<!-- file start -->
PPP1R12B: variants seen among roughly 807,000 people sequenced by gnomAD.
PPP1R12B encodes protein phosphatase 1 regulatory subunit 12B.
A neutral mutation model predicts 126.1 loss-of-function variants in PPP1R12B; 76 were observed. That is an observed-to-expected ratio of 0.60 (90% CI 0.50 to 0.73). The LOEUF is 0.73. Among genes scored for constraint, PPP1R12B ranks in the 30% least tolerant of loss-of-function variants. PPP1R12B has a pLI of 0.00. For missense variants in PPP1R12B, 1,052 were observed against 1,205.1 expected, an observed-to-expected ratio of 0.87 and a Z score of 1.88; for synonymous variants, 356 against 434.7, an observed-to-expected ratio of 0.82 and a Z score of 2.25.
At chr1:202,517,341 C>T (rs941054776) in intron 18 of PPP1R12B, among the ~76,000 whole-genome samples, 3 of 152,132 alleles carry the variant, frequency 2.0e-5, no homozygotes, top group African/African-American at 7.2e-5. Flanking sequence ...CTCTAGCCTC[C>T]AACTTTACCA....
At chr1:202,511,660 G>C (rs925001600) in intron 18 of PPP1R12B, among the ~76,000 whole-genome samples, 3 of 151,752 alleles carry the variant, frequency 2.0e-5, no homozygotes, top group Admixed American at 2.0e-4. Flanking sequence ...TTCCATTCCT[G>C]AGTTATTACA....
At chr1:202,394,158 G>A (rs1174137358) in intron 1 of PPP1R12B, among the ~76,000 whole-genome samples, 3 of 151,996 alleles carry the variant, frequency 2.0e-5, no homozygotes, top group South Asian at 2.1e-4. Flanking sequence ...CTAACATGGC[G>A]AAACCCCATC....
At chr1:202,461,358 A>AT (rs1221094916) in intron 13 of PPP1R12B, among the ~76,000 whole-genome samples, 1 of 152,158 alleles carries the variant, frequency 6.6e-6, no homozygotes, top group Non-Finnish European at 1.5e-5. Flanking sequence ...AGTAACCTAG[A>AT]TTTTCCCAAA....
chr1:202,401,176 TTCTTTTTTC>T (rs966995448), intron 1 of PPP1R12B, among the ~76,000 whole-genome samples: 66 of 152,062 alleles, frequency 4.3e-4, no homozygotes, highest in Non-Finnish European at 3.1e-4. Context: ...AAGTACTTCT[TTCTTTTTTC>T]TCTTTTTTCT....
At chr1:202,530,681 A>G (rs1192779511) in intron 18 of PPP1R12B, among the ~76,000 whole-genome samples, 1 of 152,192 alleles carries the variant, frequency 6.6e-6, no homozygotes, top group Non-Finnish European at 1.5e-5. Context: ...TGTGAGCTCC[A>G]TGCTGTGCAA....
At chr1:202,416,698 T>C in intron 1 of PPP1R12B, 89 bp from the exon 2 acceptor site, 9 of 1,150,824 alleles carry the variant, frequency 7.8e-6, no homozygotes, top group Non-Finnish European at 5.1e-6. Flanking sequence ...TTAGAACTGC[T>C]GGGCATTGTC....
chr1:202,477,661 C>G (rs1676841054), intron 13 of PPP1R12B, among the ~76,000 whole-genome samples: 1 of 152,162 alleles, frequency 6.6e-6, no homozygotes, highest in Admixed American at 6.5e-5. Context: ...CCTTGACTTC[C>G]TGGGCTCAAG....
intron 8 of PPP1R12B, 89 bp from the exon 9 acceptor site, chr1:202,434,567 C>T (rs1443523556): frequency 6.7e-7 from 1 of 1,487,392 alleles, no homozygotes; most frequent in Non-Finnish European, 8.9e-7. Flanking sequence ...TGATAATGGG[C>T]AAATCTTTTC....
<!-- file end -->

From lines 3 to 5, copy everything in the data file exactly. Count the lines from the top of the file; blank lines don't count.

A neutral mutation model predicts 126.1 loss-of-function variants in PPP1R12B; 76 were observed. That is an observed-to-expected ratio of 0.60 (90% CI 0.50 to 0.73). The LOEUF is 0.73. Among genes scored for constraint, PPP1R12B ranks in the 30% least tolerant of loss-of-function variants. PPP1R12B has a pLI of 0.00. For missense variants in PPP1R12B, 1,052 were observed against 1,205.1 expected, an observed-to-expected ratio of 0.87 and a Z score of 1.88; for synonymous variants, 356 against 434.7, an observed-to-expected ratio of 0.82 and a Z score of 2.25.
At chr1:202,517,341 C>T (rs941054776) in intron 18 of PPP1R12B, among the ~76,000 whole-genome samples, 3 of 152,132 alleles carry the variant, frequency 2.0e-5, no homozygotes, top group African/African-American at 7.2e-5. Flanking sequence ...CTCTAGCCTC[C>T]AACTTTACCA....
At chr1:202,511,660 G>C (rs925001600) in intron 18 of PPP1R12B, among the ~76,000 whole-genome samples, 3 of 151,752 alleles carry the variant, frequency 2.0e-5, no homozygotes, top group Admixed American at 2.0e-4. Flanking sequence ...TTCCATTCCT[G>C]AGTTATTACA....